provide for a display of a power indicator, wherein the display of the power indicator alternates between an indication of at least two of the device battery energy level, the device consumption rate, a device charge duration, the at least one supplemental device battery level, and the at least one supplemental device power consumption rate.
22. An apparatus comprising:
means for accessing at least one application power consumption model;
means for determining a device battery energy level; and
means for determining a device discharge duration using the at least one application power consumption model and the battery energy level.
23. The apparatus of claim 22 further comprising:
means for receiving a standby discharge duration; and
means for providing for a notification based on a result of comparing the standby discharge duration to the device discharge duration.
24. The apparatus of claim 22 further comprising:
means for determining a device power consumption rate from the at least one application power consumption model; and
means for providing for a selection of applications to suspend based on a result of comparing between the device power consumption rate and a threshold rate.
25. The apparatus of claim 22 further comprising means for providing for a display of a device consumption rate indicator, wherein the display of the device consumption rate indicator changes color based on the device power consumption rate.
Description
TECHNOLOGICAL FIELD

Embodiments suspended of the present invention relate generally to power consumption, and more particularly, relate to a method, apparatus and computer program for providing power consumption notification and management on electronic devices.

BACKGROUND

The modern communications era has brought about a tremendous expansion of wireline and wireless networks. Computer networks, television networks, and telephony networks are experiencing an unprecedented technological expansion, fueled by consumer demand. Wireless and mobile networking technologies have addressed related consumer demands, while providing more flexibility and immediacy of information transfer.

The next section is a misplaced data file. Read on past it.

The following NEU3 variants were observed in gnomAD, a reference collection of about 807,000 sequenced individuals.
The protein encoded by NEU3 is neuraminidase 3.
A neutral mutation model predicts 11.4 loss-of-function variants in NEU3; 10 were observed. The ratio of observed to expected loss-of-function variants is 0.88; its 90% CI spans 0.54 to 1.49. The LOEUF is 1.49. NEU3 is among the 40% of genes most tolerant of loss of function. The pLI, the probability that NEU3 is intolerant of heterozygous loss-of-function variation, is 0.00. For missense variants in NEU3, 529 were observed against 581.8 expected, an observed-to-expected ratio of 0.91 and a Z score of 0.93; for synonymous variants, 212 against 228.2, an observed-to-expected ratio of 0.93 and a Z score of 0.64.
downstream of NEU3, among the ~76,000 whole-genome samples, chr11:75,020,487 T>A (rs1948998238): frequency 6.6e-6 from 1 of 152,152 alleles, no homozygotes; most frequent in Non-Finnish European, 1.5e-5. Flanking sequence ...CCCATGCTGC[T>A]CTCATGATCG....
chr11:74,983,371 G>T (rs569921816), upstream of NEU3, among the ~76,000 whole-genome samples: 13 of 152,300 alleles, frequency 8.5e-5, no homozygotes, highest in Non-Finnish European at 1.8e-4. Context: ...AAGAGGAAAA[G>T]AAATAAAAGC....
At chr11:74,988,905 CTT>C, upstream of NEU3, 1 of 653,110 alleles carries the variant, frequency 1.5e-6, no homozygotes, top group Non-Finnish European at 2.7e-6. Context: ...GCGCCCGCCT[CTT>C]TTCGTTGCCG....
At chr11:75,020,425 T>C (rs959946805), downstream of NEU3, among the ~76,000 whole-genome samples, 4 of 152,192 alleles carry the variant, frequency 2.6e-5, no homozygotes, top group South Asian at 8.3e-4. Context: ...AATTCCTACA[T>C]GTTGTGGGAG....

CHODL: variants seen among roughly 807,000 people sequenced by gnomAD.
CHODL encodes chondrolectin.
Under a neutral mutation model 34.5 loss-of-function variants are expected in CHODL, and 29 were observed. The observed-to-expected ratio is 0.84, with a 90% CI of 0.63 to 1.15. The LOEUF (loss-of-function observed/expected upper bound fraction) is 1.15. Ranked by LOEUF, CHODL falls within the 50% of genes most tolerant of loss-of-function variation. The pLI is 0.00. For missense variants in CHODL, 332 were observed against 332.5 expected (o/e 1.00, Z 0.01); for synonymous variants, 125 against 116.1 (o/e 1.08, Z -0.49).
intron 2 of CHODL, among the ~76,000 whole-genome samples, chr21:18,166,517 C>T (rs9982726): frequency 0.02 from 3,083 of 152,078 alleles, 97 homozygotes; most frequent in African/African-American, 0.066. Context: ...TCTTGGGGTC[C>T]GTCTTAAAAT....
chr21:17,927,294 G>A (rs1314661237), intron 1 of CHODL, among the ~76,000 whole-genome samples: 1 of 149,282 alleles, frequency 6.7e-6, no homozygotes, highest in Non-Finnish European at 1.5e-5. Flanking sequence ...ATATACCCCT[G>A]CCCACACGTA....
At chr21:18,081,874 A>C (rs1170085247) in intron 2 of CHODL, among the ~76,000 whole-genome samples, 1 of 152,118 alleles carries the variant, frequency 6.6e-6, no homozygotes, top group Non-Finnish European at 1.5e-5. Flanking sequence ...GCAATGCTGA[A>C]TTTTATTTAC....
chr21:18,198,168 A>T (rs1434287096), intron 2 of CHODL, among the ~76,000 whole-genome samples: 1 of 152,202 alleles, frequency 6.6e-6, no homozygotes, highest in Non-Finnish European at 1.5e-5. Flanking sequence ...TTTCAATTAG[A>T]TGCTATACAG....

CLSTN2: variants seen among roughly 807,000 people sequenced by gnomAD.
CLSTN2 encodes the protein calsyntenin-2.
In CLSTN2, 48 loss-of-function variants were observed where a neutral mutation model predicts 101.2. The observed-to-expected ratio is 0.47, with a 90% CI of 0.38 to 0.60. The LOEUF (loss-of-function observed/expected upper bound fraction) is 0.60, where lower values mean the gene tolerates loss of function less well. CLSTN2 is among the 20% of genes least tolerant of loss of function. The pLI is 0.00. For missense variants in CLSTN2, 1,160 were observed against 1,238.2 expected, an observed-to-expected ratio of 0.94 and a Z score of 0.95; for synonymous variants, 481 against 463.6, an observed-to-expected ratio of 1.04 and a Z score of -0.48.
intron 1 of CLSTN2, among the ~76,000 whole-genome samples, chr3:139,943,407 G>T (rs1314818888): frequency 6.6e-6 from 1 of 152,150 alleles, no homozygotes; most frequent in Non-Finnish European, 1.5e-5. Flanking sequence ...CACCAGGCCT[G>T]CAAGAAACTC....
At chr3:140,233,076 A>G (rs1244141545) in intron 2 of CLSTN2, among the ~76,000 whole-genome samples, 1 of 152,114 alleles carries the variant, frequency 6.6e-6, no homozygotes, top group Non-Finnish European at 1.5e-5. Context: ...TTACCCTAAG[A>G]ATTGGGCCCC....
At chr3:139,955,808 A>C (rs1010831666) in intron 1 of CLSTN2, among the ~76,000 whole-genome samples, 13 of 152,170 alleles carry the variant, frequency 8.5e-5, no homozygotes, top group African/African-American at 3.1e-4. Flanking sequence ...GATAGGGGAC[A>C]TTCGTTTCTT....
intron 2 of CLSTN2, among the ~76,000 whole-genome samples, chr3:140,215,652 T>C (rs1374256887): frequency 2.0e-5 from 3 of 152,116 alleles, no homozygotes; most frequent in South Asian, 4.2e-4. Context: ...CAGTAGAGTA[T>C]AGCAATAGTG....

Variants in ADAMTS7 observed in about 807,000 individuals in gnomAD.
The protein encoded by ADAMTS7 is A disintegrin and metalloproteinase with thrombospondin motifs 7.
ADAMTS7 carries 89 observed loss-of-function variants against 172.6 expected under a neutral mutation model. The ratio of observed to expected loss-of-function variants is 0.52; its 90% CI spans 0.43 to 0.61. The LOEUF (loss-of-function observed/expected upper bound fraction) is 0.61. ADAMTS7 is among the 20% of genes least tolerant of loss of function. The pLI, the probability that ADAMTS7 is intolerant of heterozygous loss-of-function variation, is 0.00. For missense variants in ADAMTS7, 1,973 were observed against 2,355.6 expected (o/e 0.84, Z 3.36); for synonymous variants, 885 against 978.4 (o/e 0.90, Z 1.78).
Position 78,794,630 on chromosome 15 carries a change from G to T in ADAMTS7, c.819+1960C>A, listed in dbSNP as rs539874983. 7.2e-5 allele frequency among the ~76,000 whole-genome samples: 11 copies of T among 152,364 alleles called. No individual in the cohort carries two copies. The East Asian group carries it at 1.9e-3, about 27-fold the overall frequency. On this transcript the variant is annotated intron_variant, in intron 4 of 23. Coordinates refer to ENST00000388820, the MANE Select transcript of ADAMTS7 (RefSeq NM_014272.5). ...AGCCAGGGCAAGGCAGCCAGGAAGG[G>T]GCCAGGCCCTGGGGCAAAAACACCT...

This explosive growth of mobile communications networks has followed the evolution of mobile devices, such as cellular phones, personal digital assistants (PDAs), and other portable electronic devices from luxury items to ubiquitous devices integrated into the everyday lives of individuals from all walks of life. The widespread adoption of mobile devices, and the expanding capabilities of the wireless networks over which they communicate, has allowed for a tremendous expansion in the applications which mobile devices are capable of executing. In addition to providing for phone service, many mobile devices now execute applications such as navigation services through the use of GPS, camera and video capturing, digital music and video playback, and web browsing.

While this expansion in the applications of mobile devices has been revolutionary, the added applications do have a drawback in that the power consumption of mobile devices is increasing rapidly while power storage capacity of mobile devices, i.e. the power storage capacity of batteries, is remaining constant or increasing at a relatively slower pace. In this regard, each added application can be associated with an increase in power consumption by the mobile device. For example, a camera application with a flash or GPS receiver may consume a relatively substantial amount of energy. The increased and variable power consumption associated with these added applications can present problems to users in that users can no longer effectively predict the length of time associated with a fully charged battery. Since users typically think of the discharge of a battery in terms of time, i.e. a discharge time, rather than in terms of power consumption, users are frequently caught in situations where they have unexpectedly discharged the power stored in a battery. These problems can be particularly troublesome for device users when they are in situations where alternate power sources are unavailable to charge the mobile device battery or otherwise power the mobile device. As a result, utilization of these additional applications can leave an unsuspecting user with a substantially useful mobile device, but no power to operate the device.